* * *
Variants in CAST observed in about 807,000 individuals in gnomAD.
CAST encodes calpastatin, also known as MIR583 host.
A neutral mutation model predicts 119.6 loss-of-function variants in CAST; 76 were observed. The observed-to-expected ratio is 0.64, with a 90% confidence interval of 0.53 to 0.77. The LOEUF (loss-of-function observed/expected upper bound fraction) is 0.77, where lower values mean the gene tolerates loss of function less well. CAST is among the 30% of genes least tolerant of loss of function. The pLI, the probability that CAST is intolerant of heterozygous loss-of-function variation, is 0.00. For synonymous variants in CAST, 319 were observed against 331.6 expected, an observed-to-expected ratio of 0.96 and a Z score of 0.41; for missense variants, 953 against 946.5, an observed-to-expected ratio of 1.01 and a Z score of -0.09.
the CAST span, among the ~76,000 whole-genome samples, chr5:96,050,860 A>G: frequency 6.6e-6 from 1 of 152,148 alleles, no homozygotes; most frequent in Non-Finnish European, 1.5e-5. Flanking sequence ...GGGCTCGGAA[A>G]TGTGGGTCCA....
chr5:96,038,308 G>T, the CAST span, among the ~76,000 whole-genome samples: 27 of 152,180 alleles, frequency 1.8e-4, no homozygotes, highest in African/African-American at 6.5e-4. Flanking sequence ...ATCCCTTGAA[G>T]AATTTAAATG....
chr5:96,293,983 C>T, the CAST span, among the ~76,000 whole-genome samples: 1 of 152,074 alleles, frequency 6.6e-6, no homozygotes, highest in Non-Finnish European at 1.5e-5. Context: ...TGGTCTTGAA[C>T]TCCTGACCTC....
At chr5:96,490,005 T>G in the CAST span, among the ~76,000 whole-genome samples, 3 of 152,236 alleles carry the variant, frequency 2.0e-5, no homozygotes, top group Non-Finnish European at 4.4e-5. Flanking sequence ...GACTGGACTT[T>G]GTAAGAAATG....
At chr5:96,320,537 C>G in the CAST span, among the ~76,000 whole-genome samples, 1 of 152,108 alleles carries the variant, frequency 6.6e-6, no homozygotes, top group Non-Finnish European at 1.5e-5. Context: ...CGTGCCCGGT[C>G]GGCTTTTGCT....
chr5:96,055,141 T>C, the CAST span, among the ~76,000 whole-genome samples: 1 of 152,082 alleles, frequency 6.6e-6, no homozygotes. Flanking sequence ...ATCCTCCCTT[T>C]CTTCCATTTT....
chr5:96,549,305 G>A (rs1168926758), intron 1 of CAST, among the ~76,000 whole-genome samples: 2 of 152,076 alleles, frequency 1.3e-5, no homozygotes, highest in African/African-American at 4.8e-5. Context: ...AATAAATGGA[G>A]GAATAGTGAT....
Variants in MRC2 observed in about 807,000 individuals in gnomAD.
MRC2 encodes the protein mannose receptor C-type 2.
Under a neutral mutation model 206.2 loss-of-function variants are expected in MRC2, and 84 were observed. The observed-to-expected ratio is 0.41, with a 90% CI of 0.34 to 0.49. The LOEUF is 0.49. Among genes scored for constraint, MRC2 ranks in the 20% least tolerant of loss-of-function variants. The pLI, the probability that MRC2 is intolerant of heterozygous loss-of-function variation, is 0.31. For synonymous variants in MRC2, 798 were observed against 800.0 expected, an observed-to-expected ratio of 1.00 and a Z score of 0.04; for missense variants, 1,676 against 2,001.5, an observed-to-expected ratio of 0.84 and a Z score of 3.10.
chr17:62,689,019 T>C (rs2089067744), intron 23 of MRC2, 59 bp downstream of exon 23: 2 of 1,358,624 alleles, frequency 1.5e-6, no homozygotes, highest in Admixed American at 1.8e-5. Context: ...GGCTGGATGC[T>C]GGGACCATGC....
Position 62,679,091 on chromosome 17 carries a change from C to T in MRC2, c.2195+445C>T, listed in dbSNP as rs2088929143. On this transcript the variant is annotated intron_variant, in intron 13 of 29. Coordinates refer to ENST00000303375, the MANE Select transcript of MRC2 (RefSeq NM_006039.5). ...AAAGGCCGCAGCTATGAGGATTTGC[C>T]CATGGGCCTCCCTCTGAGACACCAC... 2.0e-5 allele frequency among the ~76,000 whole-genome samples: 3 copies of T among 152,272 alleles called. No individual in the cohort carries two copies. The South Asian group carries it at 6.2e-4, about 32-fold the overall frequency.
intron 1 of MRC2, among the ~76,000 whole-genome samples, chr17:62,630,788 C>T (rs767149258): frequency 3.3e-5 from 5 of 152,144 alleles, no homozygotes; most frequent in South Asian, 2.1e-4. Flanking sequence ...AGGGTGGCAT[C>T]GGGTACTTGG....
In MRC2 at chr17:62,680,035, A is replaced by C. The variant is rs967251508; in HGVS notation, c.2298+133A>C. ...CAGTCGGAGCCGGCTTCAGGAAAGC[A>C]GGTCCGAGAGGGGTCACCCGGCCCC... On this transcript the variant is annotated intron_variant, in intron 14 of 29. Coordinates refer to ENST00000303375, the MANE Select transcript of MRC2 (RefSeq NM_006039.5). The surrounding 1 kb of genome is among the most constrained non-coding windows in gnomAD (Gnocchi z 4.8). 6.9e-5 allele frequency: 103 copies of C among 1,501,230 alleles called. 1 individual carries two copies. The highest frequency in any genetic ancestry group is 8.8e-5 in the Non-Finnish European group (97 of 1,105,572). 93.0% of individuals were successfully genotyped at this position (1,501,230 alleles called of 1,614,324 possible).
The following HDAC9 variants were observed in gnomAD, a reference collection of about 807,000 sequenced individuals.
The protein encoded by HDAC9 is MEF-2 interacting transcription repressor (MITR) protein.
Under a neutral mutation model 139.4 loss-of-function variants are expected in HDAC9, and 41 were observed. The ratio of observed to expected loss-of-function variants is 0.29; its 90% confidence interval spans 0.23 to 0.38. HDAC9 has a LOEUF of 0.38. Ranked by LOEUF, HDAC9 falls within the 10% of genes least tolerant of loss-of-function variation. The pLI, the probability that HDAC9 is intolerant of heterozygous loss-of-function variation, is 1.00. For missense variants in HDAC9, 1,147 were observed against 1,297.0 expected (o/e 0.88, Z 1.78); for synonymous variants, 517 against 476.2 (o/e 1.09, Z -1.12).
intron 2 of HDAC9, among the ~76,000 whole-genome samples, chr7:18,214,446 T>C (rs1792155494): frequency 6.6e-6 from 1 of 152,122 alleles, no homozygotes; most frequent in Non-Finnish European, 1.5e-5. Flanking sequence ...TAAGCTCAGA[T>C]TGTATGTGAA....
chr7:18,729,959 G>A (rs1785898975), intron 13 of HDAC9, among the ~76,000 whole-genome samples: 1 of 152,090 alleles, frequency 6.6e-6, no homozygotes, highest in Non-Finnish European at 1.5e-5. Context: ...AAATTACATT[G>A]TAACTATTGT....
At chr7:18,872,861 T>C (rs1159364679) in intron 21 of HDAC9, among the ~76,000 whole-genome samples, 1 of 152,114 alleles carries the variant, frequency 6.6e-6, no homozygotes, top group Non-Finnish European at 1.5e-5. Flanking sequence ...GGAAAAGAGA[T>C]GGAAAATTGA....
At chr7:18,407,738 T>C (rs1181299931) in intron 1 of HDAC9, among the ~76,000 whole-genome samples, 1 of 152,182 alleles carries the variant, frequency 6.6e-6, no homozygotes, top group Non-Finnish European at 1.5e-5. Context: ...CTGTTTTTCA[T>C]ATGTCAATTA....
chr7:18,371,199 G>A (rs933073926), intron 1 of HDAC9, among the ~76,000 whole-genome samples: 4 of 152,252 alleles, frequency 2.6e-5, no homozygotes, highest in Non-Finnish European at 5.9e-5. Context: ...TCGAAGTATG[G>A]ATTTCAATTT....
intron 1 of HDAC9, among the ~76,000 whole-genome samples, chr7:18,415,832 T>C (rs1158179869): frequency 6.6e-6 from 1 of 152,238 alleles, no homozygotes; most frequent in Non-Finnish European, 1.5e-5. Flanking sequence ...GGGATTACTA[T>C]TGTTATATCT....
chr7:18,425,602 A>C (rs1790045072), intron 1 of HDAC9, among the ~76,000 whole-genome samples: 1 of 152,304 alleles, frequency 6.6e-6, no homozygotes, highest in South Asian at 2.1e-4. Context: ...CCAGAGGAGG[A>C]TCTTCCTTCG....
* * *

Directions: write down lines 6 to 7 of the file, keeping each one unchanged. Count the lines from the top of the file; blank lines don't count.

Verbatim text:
chr5:96,293,983 C>T, the CAST span, among the ~76,000 whole-genome samples: 1 of 152,074 alleles, frequency 6.6e-6, no homozygotes, highest in Non-Finnish European at 1.5e-5. Context: ...TGGTCTTGAA[C>T]TCCTGACCTC....
At chr5:96,490,005 T>G in the CAST span, among the ~76,000 whole-genome samples, 3 of 152,236 alleles carry the variant, frequency 2.0e-5, no homozygotes, top group Non-Finnish European at 4.4e-5. Flanking sequence ...GACTGGACTT[T>G]GTAAGAAATG....